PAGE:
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Re: Self-published best-sellers?
- To: BOOK_ARTS-L@LISTSERV.SYR.EDU
- Subject: Re: Self-published best-sellers?
- From: Michael Morin <ba202@FREENET.BUFFALO.EDU>
- Date: Mon, 24 May 1999 23:17:33 -0400
- In-Reply-To: <199905221539.LAA20366@mx2.localnet.com>
- Message-Id: <199905250323.UAA12816@palimpsest.Stanford.EDU>
- Sender: "Book_Arts-L: READ THE FAQ at http://www.dreamscape.com/pdverhey" <BOOK_ARTS-L@LISTSERV.SYR.EDU>
Even though Blake was a professional engraver by trade and a member of the
academy as such, the bulk of his work as you describe it was actually
relief etching, printed before rollers were invented and not engravings.
The book of job and others were engraved, such as the epic poem
_The_Grave_ which was engraved by an Italian engraver, engaged by Blake's
publisher. Most of his works are hand colored relief prints. Unique for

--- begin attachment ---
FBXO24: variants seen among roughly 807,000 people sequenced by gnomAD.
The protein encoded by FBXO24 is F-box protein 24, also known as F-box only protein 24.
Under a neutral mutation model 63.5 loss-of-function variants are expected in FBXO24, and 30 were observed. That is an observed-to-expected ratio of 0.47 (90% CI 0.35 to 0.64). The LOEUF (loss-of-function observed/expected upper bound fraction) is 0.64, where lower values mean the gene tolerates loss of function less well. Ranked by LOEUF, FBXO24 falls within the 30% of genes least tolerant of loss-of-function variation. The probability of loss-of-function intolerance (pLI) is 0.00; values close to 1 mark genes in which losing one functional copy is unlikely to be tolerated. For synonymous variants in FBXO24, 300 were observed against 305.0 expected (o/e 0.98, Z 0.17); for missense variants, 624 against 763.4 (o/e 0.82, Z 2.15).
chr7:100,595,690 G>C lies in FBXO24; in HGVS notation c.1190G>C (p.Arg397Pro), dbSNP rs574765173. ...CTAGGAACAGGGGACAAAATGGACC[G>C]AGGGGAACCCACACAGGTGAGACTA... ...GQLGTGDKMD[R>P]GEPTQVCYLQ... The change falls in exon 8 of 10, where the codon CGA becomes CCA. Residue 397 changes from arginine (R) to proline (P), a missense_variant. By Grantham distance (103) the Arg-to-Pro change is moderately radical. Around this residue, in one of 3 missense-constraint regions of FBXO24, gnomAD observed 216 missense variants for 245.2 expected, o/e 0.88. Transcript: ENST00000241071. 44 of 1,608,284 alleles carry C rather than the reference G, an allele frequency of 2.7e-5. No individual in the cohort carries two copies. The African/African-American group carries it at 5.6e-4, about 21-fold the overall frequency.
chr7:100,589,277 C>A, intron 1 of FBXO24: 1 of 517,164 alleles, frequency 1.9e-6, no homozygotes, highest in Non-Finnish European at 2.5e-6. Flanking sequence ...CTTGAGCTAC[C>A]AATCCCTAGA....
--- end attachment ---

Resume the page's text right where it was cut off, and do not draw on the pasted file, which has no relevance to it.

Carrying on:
the time for sure.
At 11:37 AM 5/22/99 EDT, you wrote:
>Frost didn't self publishe, but had his first collection come out in England.
>did self-promote a lot, tho! Walt Whitman wrote and self-published Leaves of
>Grass all his life--his only book, kept adding to it. and in a way, Emily
>Dickinson self-collected all her 1776 poems in little books she sewed
>herself, called fascicles, found in the drawers of her desk after her death.
>Maybe the most famous self-publisher was the British poet William Blake who
>was an engraver by trade. He brought out his poems in a number of books with
>lavish colored engravings. moved poems around in different sections and
>different books. Self-publishing ironically has a bad rep in academic
>publishing circles, but these same people hold up Blakem Whitman, Dickinson
>and greats! Laurie O'Brien